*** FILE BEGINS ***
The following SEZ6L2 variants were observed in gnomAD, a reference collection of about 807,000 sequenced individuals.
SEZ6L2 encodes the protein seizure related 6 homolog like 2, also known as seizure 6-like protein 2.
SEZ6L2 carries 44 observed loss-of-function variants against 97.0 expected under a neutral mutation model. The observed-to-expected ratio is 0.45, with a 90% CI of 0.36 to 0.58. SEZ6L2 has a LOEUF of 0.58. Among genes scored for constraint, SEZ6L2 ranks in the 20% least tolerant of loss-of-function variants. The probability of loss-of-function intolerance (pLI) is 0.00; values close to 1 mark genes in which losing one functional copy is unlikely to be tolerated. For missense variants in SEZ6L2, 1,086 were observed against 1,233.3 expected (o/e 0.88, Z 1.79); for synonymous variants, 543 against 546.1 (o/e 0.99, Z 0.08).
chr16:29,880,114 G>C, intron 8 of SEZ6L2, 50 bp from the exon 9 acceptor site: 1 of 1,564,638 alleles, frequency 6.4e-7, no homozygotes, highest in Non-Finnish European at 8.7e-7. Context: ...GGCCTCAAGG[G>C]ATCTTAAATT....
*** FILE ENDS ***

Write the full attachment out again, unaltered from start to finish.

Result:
The following SEZ6L2 variants were observed in gnomAD, a reference collection of about 807,000 sequenced individuals.
SEZ6L2 encodes the protein seizure related 6 homolog like 2, also known as seizure 6-like protein 2.
SEZ6L2 carries 44 observed loss-of-function variants against 97.0 expected under a neutral mutation model. The observed-to-expected ratio is 0.45, with a 90% CI of 0.36 to 0.58. SEZ6L2 has a LOEUF of 0.58. Among genes scored for constraint, SEZ6L2 ranks in the 20% least tolerant of loss-of-function variants. The probability of loss-of-function intolerance (pLI) is 0.00; values close to 1 mark genes in which losing one functional copy is unlikely to be tolerated. For missense variants in SEZ6L2, 1,086 were observed against 1,233.3 expected (o/e 0.88, Z 1.79); for synonymous variants, 543 against 546.1 (o/e 0.99, Z 0.08).
chr16:29,880,114 G>C, intron 8 of SEZ6L2, 50 bp from the exon 9 acceptor site: 1 of 1,564,638 alleles, frequency 6.4e-7, no homozygotes, highest in Non-Finnish European at 8.7e-7. Context: ...GGCCTCAAGG[G>C]ATCTTAAATT....